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BibTeX
@phdthesis{duttaphd17, TITLE = {Efficient knowledge Management for Named Entities from Text}, AUTHOR = {Dutta, Sourav}, LANGUAGE = {eng}, URL = {urn:nbn:de:bsz:291-scidok-67924}, SCHOOL = {Universit{\"a}t des Saarlandes}, ADDRESS = {Saarbr{\"u}cken}, YEAR = {2017}, MARGINALMARK = {$\bullet$}, DATE = {2017}, ABSTRACT = {The evolution of search from keywords to entities has necessitated the efficient harvesting and management of entity-centric information for constructing knowledge bases catering to various applications such as semantic search, question answering, and information retrieval. The vast amounts of natural language texts available across diverse domains on the Web provide rich sources for discovering facts about named entities such as people, places, and organizations. A key challenge, in this regard, entails the need for precise identification and disambiguation of entities across documents for extraction of attributes/relations and their proper representation in knowledge bases. Additionally, the applicability of such repositories not only involves the quality and accuracy of the stored information, but also storage management and query processing efficiency. This dissertation aims to tackle the above problems by presenting efficient approaches for entity-centric knowledge acquisition from texts and its representation in knowledge repositories. This dissertation presents a robust approach for identifying text phrases pertaining to the same named entity across huge corpora, and their disambiguation to canonical entities present in a knowledge base, by using enriched semantic contexts and link validation encapsulated in a hierarchical clustering framework. This work further presents language and consistency features for classification models to compute the credibility of obtained textual facts, ensuring quality of the extracted information. Finally, an encoding algorithm, using frequent term detection and improved data locality, to represent entities for enhanced knowledge base storage and query performance is presented.}, }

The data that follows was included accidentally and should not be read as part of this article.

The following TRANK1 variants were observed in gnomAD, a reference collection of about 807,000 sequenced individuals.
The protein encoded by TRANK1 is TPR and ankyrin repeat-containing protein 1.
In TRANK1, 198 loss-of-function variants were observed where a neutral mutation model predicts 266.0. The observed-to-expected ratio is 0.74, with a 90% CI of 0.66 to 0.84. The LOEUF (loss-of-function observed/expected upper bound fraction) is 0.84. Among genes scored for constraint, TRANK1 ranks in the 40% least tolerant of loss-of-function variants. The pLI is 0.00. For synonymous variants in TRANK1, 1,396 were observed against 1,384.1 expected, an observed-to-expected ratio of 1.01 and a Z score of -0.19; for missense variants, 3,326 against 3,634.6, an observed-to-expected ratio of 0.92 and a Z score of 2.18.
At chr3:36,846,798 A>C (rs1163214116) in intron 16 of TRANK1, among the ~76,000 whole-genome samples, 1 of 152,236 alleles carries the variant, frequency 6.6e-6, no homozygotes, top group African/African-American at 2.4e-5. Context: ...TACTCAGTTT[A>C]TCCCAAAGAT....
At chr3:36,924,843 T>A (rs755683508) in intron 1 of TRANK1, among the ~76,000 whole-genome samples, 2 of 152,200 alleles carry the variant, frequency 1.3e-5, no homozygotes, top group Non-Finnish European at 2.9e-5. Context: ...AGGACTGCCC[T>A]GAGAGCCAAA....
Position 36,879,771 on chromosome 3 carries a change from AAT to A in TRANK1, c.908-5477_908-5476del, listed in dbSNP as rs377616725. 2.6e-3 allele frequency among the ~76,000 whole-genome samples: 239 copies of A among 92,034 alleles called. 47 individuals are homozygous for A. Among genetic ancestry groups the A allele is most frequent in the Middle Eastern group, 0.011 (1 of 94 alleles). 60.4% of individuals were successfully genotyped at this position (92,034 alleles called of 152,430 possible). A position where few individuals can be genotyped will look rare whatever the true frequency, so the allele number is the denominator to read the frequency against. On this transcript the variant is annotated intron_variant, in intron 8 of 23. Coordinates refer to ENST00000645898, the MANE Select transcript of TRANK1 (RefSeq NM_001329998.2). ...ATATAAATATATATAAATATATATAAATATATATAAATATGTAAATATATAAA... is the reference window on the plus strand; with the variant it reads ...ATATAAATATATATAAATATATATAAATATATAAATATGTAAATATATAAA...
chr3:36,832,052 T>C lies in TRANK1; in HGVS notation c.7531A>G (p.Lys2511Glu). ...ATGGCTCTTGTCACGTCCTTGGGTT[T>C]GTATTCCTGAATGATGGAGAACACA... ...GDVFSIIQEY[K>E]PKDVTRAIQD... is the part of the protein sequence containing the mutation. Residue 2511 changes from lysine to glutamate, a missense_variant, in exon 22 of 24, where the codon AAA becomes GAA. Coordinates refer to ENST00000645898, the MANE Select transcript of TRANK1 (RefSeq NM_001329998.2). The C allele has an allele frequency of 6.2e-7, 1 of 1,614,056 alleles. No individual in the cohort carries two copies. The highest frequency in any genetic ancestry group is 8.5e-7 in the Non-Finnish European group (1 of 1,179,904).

Endnote
%0 Thesis %A Dutta, Sourav %Y Weikum, Gerhard %A referee: Nejdl, Wolfgang %A referee: Berberich, Klaus %+ Databases and Information Systems, MPI for Informatics, Max Planck Society International Max Planck Research School, MPI for Informatics, Max Planck Society Databases and Information Systems, MPI for Informatics, Max Planck Society External Organizations Databases and Information Systems, MPI for Informatics, Max Planck Society %T Efficient knowledge Management for Named Entities from Text : %G eng %U http://hdl.handle.net/11858/00-001M-0000-002C-A793-E %U urn:nbn:de:bsz:291-scidok-67924 %I Universität des Saarlandes %C Saarbrücken %D 2017 %P xv, 134 p. %V phd %9 phd %X The evolution of search from keywords to entities has necessitated the efficient harvesting and management of entity-centric information for constructing knowledge bases catering to various applications such as semantic search, question answering, and information retrieval. The vast amounts of natural language texts available across diverse domains on the Web provide rich sources for discovering facts about named entities such as people, places, and organizations. A key challenge, in this regard, entails the need for precise identification and disambiguation of entities across documents for extraction of attributes/relations and their proper representation in knowledge bases. Additionally, the applicability of such repositories not only involves the quality and accuracy of the stored information, but also storage management and query processing efficiency. This dissertation aims to tackle the above problems by presenting efficient approaches for entity-centric knowledge acquisition from texts and its representation in knowledge repositories. This dissertation presents a robust approach for identifying text phrases pertaining to the same named entity across huge corpora, and their disambiguation to canonical entities present in a knowledge base, by using enriched semantic contexts and link validation encapsulated in a hierarchical clustering framework. This work further presents language and consistency features for classification models to compute the credibility of obtained textual facts, ensuring quality of the extracted information. Finally, an encoding algorithm, using frequent term detection and improved data locality, to represent entities for enhanced knowledge base storage and query performance is presented. %U http://scidok.sulb.uni-saarland.de/doku/lic_ohne_pod.php?la=dehttp://scidok.sulb.uni-saarland.de/volltexte/2017/6792/